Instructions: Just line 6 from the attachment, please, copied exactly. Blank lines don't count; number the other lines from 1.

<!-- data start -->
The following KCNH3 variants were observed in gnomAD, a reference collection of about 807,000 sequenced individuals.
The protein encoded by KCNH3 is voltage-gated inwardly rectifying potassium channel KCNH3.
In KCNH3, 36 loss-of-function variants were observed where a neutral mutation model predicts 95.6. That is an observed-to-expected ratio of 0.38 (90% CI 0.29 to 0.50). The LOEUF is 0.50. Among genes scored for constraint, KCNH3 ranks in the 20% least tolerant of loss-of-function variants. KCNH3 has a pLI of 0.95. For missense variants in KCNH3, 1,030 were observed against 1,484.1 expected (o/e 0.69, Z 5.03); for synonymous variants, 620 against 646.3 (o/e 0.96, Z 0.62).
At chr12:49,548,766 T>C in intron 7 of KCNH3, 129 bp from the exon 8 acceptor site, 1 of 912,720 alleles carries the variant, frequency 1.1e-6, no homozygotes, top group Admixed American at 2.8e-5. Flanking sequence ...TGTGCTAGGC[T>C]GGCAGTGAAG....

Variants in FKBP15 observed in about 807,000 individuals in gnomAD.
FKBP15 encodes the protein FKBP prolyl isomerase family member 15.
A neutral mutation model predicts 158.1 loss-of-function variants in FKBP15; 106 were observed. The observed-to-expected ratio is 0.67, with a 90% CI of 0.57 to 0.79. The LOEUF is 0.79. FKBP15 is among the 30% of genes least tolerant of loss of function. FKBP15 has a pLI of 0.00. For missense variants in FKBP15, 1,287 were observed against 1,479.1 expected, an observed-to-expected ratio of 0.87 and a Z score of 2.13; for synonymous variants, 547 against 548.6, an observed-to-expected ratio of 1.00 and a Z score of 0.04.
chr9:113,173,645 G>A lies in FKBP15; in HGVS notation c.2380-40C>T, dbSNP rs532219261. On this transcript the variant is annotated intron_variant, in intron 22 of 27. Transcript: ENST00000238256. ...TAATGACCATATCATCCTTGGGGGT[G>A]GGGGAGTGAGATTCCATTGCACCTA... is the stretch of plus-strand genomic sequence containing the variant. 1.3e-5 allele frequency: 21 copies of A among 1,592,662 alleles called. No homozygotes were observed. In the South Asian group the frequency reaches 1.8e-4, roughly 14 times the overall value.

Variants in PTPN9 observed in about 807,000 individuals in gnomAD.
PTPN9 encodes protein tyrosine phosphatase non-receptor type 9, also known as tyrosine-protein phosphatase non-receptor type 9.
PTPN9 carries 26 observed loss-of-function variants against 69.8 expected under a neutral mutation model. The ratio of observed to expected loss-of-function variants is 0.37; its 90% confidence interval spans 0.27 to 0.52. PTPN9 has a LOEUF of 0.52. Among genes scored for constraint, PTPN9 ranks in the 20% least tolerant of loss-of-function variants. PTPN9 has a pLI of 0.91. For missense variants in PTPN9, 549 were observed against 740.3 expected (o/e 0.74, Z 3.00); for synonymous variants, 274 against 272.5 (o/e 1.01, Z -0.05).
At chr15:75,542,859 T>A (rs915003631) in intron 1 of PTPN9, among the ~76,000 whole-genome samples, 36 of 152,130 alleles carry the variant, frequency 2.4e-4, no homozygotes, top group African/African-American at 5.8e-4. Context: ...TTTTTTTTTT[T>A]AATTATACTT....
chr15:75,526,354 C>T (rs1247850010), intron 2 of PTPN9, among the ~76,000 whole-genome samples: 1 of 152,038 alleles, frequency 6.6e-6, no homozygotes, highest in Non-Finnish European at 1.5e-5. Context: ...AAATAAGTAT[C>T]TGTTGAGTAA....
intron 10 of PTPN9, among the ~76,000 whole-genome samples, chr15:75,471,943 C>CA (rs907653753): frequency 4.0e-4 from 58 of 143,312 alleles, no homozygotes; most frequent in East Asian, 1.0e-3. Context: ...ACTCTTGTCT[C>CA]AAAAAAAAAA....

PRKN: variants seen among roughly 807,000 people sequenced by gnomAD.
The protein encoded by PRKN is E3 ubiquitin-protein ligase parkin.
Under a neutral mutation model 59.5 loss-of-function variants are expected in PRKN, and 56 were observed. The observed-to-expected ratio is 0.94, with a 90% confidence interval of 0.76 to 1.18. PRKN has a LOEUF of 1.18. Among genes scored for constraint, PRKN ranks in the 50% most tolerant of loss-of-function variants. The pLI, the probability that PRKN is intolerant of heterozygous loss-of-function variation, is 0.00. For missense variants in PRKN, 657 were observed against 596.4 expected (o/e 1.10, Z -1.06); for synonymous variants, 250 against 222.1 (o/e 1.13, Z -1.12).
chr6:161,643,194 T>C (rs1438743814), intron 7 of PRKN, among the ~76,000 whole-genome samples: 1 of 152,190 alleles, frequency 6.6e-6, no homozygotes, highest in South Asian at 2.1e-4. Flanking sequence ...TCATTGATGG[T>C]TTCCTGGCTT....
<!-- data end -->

FKBP15 encodes the protein FKBP prolyl isomerase family member 15.